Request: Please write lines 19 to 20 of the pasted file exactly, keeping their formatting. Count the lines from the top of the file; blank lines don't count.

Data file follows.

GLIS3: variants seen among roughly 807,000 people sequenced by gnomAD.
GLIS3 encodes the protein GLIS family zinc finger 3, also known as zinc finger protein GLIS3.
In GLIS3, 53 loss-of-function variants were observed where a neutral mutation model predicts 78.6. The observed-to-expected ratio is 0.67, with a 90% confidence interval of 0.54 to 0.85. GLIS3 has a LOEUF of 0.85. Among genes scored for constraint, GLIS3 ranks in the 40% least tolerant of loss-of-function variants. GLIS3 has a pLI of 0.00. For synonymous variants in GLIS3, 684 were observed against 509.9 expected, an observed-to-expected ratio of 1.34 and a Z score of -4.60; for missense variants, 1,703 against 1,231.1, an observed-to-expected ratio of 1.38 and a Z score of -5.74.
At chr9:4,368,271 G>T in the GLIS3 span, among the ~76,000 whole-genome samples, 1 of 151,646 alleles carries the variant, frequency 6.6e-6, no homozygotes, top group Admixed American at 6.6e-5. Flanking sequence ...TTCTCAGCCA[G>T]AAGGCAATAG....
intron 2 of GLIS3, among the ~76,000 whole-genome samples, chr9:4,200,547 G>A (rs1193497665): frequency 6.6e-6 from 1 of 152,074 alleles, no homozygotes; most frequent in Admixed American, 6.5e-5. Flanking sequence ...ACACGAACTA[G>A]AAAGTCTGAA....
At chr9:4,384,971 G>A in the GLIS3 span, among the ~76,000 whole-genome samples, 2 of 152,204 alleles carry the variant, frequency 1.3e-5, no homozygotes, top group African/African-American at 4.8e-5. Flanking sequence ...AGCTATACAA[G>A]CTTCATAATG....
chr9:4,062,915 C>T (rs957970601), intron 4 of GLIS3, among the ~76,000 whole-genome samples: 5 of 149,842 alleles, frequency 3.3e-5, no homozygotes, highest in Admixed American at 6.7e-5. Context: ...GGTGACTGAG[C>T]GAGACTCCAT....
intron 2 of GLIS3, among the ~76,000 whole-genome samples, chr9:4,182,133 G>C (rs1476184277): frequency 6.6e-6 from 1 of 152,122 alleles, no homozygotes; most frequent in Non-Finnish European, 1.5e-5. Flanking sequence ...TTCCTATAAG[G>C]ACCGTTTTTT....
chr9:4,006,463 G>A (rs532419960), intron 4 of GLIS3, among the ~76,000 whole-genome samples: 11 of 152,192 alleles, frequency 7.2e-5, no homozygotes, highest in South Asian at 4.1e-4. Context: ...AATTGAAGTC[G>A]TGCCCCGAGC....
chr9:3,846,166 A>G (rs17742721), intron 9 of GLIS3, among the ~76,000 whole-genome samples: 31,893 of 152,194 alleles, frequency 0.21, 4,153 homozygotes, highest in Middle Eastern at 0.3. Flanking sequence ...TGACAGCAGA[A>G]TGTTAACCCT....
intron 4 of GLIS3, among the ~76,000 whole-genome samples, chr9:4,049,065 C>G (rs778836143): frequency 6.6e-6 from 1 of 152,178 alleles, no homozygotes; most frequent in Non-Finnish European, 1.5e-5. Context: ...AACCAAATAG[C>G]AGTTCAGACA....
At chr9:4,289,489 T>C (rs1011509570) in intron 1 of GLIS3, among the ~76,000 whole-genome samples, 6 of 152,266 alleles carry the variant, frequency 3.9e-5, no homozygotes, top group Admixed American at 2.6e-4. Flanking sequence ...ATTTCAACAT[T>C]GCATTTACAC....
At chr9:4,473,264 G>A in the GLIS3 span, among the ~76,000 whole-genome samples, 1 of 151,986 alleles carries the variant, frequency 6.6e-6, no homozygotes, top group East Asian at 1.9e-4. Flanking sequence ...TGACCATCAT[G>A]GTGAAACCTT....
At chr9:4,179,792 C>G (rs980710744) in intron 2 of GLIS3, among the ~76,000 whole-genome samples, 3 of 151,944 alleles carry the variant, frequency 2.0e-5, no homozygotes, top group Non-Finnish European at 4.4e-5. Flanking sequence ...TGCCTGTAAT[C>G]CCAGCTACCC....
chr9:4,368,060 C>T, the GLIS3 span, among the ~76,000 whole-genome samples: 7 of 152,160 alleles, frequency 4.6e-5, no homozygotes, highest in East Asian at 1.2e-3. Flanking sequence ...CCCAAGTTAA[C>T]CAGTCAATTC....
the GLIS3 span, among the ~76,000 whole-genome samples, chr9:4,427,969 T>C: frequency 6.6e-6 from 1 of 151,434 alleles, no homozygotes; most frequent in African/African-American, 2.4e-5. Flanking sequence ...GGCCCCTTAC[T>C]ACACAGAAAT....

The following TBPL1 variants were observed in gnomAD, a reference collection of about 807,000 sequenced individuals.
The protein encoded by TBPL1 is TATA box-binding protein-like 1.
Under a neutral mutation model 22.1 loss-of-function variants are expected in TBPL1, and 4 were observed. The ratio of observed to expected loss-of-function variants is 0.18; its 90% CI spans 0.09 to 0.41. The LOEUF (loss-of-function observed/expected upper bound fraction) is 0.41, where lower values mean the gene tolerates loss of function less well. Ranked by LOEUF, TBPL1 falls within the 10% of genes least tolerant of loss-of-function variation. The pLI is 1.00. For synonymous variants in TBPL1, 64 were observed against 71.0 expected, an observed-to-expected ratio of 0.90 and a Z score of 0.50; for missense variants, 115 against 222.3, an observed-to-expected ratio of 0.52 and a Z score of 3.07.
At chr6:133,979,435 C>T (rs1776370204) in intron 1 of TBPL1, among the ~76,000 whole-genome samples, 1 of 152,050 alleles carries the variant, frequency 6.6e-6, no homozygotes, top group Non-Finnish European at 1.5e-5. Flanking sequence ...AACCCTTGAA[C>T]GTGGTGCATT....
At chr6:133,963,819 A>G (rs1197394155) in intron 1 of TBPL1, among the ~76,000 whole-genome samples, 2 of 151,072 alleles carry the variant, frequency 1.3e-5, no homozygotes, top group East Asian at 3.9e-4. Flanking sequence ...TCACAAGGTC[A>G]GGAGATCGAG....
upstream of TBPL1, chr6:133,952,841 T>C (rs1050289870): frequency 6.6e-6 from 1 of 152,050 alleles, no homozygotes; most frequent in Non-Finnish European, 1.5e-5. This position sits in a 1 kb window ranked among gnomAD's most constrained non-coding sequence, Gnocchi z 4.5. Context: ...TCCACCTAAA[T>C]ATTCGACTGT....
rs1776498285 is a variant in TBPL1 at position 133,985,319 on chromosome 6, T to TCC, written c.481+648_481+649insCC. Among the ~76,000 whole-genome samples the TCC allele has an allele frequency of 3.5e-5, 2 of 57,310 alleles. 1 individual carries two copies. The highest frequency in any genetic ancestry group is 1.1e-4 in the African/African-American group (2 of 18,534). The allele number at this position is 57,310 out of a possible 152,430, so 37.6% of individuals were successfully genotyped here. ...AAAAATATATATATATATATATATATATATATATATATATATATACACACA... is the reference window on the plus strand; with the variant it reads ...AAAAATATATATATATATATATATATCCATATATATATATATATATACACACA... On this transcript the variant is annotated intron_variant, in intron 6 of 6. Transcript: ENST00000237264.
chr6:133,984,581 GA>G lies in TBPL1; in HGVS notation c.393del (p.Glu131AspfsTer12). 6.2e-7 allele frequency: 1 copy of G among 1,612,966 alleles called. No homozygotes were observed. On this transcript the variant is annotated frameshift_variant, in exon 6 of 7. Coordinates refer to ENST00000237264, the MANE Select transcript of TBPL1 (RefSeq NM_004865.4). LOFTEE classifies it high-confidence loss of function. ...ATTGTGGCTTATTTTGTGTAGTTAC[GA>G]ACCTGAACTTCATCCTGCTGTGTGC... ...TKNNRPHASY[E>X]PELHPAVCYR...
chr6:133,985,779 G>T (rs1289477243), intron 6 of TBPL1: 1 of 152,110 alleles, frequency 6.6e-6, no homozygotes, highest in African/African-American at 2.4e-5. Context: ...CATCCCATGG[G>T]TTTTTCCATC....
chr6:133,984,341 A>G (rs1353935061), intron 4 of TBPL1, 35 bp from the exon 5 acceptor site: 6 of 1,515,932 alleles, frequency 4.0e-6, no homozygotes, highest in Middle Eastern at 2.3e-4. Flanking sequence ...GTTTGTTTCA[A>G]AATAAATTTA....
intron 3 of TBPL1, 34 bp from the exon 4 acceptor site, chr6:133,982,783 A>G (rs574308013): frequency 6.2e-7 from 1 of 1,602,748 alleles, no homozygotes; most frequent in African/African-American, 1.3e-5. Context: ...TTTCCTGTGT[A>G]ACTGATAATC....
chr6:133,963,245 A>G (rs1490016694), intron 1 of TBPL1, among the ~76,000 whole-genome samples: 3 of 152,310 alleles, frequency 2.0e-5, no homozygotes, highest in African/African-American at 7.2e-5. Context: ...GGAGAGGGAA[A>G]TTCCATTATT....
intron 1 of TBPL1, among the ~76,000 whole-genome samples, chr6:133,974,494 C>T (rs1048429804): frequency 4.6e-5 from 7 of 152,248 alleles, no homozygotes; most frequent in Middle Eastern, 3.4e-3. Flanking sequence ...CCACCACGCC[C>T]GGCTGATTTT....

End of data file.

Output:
Under a neutral mutation model 22.1 loss-of-function variants are expected in TBPL1, and 4 were observed. The ratio of observed to expected loss-of-function variants is 0.18; its 90% CI spans 0.09 to 0.41. The LOEUF (loss-of-function observed/expected upper bound fraction) is 0.41, where lower values mean the gene tolerates loss of function less well. Ranked by LOEUF, TBPL1 falls within the 10% of genes least tolerant of loss-of-function variation. The pLI is 1.00. For synonymous variants in TBPL1, 64 were observed against 71.0 expected, an observed-to-expected ratio of 0.90 and a Z score of 0.50; for missense variants, 115 against 222.3, an observed-to-expected ratio of 0.52 and a Z score of 3.07.
At chr6:133,979,435 C>T (rs1776370204) in intron 1 of TBPL1, among the ~76,000 whole-genome samples, 1 of 152,050 alleles carries the variant, frequency 6.6e-6, no homozygotes, top group Non-Finnish European at 1.5e-5. Flanking sequence ...AACCCTTGAA[C>T]GTGGTGCATT....